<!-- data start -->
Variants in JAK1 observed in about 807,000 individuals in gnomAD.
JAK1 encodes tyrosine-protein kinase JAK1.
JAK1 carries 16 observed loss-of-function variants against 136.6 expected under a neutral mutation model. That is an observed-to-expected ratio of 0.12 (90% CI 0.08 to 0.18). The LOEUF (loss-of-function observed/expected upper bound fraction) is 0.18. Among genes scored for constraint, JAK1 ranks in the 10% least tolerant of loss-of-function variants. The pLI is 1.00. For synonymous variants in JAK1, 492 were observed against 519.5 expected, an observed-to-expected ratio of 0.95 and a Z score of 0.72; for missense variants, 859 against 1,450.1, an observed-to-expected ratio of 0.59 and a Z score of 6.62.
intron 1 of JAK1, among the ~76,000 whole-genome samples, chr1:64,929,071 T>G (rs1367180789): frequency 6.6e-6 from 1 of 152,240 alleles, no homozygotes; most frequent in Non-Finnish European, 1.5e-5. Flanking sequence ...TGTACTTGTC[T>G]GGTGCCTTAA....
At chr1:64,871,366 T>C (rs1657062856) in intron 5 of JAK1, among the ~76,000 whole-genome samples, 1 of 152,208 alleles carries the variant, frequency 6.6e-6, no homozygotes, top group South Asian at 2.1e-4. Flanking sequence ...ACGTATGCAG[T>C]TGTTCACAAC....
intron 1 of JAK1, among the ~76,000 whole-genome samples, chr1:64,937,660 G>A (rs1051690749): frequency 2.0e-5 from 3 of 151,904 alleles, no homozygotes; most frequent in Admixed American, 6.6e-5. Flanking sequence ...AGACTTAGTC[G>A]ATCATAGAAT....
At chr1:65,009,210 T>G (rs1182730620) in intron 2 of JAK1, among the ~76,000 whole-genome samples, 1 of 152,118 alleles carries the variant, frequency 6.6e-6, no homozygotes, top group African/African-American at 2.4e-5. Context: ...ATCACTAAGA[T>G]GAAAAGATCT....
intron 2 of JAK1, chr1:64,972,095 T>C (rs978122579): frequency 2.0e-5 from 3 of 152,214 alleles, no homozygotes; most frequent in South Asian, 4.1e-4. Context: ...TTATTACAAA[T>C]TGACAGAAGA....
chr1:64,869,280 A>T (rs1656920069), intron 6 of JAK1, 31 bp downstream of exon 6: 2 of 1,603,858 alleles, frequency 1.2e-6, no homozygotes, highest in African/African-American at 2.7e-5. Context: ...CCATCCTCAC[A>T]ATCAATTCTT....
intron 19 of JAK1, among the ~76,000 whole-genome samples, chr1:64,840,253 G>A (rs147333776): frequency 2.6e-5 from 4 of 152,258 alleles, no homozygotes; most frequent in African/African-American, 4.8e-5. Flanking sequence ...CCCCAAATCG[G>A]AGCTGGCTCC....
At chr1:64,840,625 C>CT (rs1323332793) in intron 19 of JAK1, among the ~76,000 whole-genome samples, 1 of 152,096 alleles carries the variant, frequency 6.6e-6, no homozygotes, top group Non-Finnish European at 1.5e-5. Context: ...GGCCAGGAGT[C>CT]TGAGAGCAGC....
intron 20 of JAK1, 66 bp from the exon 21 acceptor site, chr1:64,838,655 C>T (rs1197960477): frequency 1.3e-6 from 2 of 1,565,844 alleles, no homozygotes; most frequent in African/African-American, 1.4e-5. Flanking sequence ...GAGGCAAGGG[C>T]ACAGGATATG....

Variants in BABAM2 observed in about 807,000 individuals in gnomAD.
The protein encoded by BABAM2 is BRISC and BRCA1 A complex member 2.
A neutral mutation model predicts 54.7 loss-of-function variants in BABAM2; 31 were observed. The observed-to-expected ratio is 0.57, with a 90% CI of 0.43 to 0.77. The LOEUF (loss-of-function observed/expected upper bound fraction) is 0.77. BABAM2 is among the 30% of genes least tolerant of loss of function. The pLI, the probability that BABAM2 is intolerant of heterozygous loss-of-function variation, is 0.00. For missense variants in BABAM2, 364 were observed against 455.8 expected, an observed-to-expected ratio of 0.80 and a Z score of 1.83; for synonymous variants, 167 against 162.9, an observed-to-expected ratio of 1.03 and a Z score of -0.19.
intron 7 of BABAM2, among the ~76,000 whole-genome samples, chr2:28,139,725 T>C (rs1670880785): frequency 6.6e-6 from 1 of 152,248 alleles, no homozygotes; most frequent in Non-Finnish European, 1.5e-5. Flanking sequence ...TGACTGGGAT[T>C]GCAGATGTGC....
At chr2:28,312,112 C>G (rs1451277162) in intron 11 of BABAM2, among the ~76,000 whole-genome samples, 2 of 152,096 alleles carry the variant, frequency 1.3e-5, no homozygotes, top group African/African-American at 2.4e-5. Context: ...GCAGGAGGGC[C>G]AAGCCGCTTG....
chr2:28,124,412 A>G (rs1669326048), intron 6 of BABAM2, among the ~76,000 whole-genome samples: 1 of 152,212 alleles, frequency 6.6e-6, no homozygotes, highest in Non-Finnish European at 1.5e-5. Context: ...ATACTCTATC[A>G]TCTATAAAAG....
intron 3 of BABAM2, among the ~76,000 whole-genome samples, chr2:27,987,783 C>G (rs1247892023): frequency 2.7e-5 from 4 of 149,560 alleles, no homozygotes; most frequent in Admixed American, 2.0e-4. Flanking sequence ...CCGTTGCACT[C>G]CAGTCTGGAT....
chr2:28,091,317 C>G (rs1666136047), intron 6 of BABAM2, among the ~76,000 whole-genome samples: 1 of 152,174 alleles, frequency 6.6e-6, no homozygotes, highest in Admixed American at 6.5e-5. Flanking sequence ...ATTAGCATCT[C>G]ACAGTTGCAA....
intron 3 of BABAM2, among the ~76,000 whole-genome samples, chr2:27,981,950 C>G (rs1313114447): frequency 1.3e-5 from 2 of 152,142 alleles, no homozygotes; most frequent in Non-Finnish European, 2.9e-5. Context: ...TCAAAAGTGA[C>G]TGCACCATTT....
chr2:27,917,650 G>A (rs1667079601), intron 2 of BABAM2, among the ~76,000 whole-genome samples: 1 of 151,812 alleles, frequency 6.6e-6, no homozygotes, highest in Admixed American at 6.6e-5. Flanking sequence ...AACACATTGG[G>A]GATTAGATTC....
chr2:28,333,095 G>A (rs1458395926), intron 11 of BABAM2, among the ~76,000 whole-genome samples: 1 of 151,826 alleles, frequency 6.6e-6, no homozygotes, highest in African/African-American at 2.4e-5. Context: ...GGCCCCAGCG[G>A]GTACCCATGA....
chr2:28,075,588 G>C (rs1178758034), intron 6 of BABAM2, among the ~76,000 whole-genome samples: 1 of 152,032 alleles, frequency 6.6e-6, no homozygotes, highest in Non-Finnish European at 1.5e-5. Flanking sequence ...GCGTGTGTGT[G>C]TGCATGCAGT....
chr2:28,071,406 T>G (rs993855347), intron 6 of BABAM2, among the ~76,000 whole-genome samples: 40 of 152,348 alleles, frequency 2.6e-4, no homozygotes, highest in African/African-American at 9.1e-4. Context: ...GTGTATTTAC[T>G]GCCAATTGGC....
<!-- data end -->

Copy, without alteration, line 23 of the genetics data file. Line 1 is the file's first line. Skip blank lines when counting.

chr2:28,333,095 G>A (rs1458395926), intron 11 of BABAM2, among the ~76,000 whole-genome samples: 1 of 151,826 alleles, frequency 6.6e-6, no homozygotes, highest in African/African-American at 2.4e-5. Context: ...GGCCCCAGCG[G>A]GTACCCATGA....